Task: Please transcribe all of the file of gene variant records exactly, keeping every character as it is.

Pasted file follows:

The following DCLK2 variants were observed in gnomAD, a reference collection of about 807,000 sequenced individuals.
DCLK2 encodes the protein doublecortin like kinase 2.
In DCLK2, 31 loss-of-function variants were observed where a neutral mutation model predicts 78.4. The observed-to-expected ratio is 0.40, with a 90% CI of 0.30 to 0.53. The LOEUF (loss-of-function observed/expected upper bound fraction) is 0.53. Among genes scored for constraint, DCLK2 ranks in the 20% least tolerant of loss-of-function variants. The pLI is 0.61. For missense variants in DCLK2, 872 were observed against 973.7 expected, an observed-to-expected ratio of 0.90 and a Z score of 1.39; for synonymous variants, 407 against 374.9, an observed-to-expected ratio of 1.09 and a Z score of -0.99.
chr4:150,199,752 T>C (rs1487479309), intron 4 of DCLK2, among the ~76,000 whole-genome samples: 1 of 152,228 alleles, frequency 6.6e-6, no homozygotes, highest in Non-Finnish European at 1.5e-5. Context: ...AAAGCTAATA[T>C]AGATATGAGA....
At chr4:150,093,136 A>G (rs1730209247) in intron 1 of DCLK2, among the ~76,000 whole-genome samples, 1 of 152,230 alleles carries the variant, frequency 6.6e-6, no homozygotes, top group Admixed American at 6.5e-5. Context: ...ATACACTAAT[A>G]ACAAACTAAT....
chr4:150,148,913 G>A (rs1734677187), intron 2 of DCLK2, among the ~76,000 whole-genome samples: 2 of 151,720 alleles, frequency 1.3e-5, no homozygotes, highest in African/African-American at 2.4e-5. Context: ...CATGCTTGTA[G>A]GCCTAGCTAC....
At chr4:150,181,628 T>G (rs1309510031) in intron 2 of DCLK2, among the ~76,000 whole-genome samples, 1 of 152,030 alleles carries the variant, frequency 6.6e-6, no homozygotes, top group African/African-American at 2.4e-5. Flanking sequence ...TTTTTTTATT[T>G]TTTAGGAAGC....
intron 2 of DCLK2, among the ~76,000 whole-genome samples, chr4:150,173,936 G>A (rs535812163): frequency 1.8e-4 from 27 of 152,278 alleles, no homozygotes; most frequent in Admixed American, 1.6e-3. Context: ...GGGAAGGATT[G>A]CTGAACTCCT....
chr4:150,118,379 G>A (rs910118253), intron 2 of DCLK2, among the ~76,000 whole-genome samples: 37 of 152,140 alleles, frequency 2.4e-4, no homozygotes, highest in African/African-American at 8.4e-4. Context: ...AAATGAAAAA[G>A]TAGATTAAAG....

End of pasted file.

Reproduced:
The following DCLK2 variants were observed in gnomAD, a reference collection of about 807,000 sequenced individuals.
DCLK2 encodes the protein doublecortin like kinase 2.
In DCLK2, 31 loss-of-function variants were observed where a neutral mutation model predicts 78.4. The observed-to-expected ratio is 0.40, with a 90% CI of 0.30 to 0.53. The LOEUF (loss-of-function observed/expected upper bound fraction) is 0.53. Among genes scored for constraint, DCLK2 ranks in the 20% least tolerant of loss-of-function variants. The pLI is 0.61. For missense variants in DCLK2, 872 were observed against 973.7 expected, an observed-to-expected ratio of 0.90 and a Z score of 1.39; for synonymous variants, 407 against 374.9, an observed-to-expected ratio of 1.09 and a Z score of -0.99.
chr4:150,199,752 T>C (rs1487479309), intron 4 of DCLK2, among the ~76,000 whole-genome samples: 1 of 152,228 alleles, frequency 6.6e-6, no homozygotes, highest in Non-Finnish European at 1.5e-5. Context: ...AAAGCTAATA[T>C]AGATATGAGA....
At chr4:150,093,136 A>G (rs1730209247) in intron 1 of DCLK2, among the ~76,000 whole-genome samples, 1 of 152,230 alleles carries the variant, frequency 6.6e-6, no homozygotes, top group Admixed American at 6.5e-5. Context: ...ATACACTAAT[A>G]ACAAACTAAT....
chr4:150,148,913 G>A (rs1734677187), intron 2 of DCLK2, among the ~76,000 whole-genome samples: 2 of 151,720 alleles, frequency 1.3e-5, no homozygotes, highest in African/African-American at 2.4e-5. Context: ...CATGCTTGTA[G>A]GCCTAGCTAC....
At chr4:150,181,628 T>G (rs1309510031) in intron 2 of DCLK2, among the ~76,000 whole-genome samples, 1 of 152,030 alleles carries the variant, frequency 6.6e-6, no homozygotes, top group African/African-American at 2.4e-5. Flanking sequence ...TTTTTTTATT[T>G]TTTAGGAAGC....
intron 2 of DCLK2, among the ~76,000 whole-genome samples, chr4:150,173,936 G>A (rs535812163): frequency 1.8e-4 from 27 of 152,278 alleles, no homozygotes; most frequent in Admixed American, 1.6e-3. Context: ...GGGAAGGATT[G>A]CTGAACTCCT....
chr4:150,118,379 G>A (rs910118253), intron 2 of DCLK2, among the ~76,000 whole-genome samples: 37 of 152,140 alleles, frequency 2.4e-4, no homozygotes, highest in African/African-American at 8.4e-4. Context: ...AAATGAAAAA[G>A]TAGATTAAAG....